How does an x-ray work?
X-ray technology was invented completely by accident. In 1895, a German physicist named Wilhelm Roentgen made the discovery while experimenting with electron beams in a gas discharge tube. Röntgen noticed that a fluorescent screen near the tube was glowing, even though the tube was insulated with cardboard. Since no light was passing through to make the screen glow, some other previously unknown form of radiation or “x-ray” must have been responsible. Röntgen noted that the ray passed through other materials as well, including human flesh! In fact, in discovering x-radiation, Röntgen also discovered its major application: imaging. The first x-ray ever produced is of Röntgen’s wife’s hand.
The point about x-rays is that, unlike visible light, they pass straight through stuff, including the stuff that people are made of. So, if you shine a beam of x-rays at someone, and put a piece of film on the other side of them, you produce a shadow of the inside of their body.
This only works at all because the different tissues that make up our bodies absorb x-rays to different extents. The problem is, though, that we consist largely of water, so most of our soft bits look much the same as far as x-rays are concerned. In fact, there are really only three tissues that are sufficiently different from each other in terms of x-ray absorption to show up on an x-ray film: bone, air and soft tissue.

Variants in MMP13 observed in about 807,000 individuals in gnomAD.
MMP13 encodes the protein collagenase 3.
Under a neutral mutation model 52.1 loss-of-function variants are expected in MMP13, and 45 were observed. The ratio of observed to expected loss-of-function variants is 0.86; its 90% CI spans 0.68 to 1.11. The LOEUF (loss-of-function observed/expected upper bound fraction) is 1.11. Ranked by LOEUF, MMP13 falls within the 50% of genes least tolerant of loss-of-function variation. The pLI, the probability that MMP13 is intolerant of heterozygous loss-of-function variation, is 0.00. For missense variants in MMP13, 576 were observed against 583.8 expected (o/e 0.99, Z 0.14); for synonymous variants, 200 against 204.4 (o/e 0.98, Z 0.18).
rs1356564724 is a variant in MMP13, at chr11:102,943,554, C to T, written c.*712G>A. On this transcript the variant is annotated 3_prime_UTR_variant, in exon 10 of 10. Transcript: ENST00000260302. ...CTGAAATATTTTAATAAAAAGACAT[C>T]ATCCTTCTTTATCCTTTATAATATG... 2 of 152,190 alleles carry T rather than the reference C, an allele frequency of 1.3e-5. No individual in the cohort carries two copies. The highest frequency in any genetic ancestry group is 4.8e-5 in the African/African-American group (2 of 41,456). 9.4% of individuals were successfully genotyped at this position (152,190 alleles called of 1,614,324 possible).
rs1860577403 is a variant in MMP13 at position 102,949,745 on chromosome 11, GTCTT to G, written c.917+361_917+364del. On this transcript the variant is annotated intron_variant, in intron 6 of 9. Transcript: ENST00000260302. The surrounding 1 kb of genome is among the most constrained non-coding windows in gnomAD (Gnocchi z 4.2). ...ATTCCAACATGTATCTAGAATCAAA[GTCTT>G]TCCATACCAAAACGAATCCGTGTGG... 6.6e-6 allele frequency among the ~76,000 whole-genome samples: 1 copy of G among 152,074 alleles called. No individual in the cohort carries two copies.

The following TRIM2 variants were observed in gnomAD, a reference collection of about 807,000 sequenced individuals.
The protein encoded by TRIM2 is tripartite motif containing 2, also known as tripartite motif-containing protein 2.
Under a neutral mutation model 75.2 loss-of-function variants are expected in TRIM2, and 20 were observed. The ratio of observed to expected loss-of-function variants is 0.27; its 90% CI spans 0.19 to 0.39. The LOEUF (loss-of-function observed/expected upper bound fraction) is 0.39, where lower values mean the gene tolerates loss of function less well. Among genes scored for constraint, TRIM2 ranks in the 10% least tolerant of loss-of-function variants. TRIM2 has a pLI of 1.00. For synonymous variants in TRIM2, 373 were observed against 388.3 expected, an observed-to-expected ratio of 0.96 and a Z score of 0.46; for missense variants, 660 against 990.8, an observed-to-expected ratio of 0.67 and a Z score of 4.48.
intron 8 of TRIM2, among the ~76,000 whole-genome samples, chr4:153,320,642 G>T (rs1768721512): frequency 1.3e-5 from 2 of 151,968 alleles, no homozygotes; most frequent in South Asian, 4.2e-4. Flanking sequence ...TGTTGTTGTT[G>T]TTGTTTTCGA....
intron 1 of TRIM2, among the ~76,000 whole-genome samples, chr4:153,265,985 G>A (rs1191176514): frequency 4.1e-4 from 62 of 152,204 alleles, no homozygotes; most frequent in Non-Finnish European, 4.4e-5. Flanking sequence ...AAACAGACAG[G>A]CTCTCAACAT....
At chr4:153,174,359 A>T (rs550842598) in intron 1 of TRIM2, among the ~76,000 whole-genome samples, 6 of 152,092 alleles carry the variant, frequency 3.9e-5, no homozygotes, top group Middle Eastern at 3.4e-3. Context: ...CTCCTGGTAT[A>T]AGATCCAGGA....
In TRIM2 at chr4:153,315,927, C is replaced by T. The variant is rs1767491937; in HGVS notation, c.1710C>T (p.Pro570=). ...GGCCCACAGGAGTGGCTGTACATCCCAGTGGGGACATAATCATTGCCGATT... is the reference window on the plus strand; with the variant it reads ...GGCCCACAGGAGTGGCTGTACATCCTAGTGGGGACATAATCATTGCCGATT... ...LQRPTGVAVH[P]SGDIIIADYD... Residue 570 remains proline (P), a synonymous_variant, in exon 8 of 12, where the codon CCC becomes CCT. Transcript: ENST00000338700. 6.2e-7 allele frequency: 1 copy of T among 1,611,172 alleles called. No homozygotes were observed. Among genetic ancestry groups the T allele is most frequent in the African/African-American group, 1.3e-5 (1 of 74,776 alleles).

It’s the differences in those three tissues that actually make x-rays useful. In our body, soft tissue cannot absorb the high energy ray and it passes straight through. The high dense material, like bone made of calcium, do absorb the radiation. The rays that pass through to the film detector, which works much like plain camera film. The black areas are the exposed areas, representing the rays that passed through the soft tissue, while the white areas are the unexposed areas, where the rays were absorbed by tissue.
The patient is positioned between the x-ray machine and the film. It is the x ray technician’s job to properly align the patient in space in order to capture the appropriate 2-D plane. Areas not of interest should be appropriately shielded. After the beam is activated, the film is shown to the radiologist. Digital film is often used so that the image can be viewed directly on a computer monitor without true film being utilized.
And by the way, the letter “X” comes from their initial discovery, when they were an unknown form of radiation and thus given the moniker ‘”X” to indicate “unknown.”